Paul Flahive

Technology & Entrepreneurship Reporter; Creator of Worth Repeating

Paul Flahive is the Technology & Entrepreneurship Reporter for Texas Public Radio. He has worked in public media across the country from Iowa City to Chicago to Anchorage then here in San Antonio. 

As producer of "The Source," Paul was honored with two 2015 Lone Star Awards from the Houston Press Club, one for Best Talk Program and the other for Best Public Affairs Segment. In 2016 he was honored with an Anson Jones Award from the Texas Medical Association for a story he did on community clinics.

Paul is also a co-host and creator of TPR's live storytelling program, Worth Repeating.

Texas Public Radio is supported by contributors to the Technology and Entrepreneurship News Fund including The 80/20 Foundation, Group 42, rackspace, The Elmendorf Family Fund, UTSA Center for Innovation, Technology and Entrepreneurship, Denim Group, SecureLogix, VentureLab, Conceptual MindWorks, Inc., and Giles-Parscale.

Ways to Connect

Brandon Watts http://bit.ly/1gXUTNn

A study published today by the New America Foundation uses San Antonio as a one of three models for success to be emulated. 

Paul Flahive

The second of the Centers for Applied Science & Technology announced more details in its collaboration with Southwest Independent School District and Palo Alto College. Now known as CAST Stem, it is the second school in the network started by H-E-B CEO Charles Butt that partners with public school districts.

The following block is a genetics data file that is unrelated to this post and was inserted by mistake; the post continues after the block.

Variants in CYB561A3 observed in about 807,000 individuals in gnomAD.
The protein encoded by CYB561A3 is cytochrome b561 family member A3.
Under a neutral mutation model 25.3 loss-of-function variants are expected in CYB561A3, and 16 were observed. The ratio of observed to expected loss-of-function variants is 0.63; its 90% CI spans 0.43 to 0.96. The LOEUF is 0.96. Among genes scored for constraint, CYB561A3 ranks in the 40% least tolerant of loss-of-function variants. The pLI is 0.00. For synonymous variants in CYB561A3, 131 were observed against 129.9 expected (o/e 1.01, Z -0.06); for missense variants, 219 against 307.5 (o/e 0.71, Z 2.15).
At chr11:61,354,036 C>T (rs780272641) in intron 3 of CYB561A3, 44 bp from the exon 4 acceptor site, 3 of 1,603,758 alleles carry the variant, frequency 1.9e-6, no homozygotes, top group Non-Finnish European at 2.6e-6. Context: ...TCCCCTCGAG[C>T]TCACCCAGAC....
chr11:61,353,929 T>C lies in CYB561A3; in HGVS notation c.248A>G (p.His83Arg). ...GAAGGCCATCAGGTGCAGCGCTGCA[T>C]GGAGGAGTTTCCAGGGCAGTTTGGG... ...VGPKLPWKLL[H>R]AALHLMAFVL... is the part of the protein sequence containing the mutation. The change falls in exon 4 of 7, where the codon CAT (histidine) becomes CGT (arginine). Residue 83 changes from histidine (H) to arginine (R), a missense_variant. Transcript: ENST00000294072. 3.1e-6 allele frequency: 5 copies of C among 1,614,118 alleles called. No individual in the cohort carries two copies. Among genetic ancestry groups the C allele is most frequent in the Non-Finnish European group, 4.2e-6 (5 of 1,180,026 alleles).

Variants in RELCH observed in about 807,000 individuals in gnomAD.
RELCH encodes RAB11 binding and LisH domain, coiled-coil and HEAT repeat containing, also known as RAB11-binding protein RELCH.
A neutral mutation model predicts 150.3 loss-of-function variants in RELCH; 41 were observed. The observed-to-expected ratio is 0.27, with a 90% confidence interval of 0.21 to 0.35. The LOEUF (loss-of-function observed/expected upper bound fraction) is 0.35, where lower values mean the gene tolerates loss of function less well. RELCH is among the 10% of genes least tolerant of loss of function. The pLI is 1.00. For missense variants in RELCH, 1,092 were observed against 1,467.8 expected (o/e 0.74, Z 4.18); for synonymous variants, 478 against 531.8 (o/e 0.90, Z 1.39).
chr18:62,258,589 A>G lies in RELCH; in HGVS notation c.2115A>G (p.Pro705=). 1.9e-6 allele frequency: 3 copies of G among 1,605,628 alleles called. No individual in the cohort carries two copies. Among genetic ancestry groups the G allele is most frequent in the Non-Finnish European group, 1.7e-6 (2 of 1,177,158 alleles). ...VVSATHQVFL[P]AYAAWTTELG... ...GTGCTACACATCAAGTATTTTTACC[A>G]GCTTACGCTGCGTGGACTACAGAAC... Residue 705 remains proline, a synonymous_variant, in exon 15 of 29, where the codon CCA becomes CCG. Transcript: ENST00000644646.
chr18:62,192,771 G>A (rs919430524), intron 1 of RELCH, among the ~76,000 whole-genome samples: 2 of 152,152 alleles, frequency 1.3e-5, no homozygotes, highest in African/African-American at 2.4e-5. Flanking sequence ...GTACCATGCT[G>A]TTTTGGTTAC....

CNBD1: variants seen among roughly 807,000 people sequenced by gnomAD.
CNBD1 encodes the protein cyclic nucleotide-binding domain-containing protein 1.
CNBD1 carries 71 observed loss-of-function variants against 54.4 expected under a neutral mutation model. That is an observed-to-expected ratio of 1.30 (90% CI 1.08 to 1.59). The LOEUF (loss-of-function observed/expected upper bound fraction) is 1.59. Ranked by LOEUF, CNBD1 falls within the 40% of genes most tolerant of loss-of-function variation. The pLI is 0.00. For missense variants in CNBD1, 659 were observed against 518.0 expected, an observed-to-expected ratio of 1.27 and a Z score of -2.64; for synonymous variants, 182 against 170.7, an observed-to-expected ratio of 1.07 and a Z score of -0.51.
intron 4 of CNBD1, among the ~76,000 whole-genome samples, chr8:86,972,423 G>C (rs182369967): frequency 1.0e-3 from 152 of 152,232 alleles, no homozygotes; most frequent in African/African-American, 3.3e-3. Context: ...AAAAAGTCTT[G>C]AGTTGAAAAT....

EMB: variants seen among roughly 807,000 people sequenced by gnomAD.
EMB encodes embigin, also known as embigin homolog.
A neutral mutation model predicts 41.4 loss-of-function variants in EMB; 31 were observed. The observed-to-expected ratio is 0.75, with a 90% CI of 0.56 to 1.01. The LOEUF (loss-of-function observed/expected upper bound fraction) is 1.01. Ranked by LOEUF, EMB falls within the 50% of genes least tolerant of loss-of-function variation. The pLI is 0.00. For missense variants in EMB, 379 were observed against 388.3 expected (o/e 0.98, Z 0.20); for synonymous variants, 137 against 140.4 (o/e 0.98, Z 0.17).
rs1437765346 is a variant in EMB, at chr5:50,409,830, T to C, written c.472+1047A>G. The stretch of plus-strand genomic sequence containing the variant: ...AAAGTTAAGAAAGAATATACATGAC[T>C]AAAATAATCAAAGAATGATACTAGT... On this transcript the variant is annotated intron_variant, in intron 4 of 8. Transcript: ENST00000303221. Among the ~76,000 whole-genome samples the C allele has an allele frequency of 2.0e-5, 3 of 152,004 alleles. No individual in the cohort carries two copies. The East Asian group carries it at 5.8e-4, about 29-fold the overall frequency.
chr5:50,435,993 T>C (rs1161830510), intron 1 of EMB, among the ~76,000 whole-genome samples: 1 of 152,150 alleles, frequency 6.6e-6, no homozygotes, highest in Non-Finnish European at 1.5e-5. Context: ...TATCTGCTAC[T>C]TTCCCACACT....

Unlike CAST Tech, the in-district charter with SAISD that focuses on internet technology, coding, and entrepreneurship, organizers say CAST STEM will focus on engineering, energy technology and advanced manufacturing.

For the past six months, I've been checking in with Hunter Waite. He's a Southwest Research Institute planetary scientist, and a principal investigator on the Cassini spacecraft. 

NASA

"We're not the one with the monkeys," goes the joke from Southwest Research Institute staff when talking to stakeholders or describing themselves to San Antonians.

They are distinguishing themselves from the Texas Biomedical Research Institute, the other prominent independent research organization on a patch of land near Interstate 410 and Culebra. 

G. Harrison, courtesy of Texas Biomed

Robert Davey is zipping up a suit his scientists wear when researching deadly pathogens. Davey directs the bio-safety level 4 lab at the Texas Biomedical Research Institute in San Antonio.

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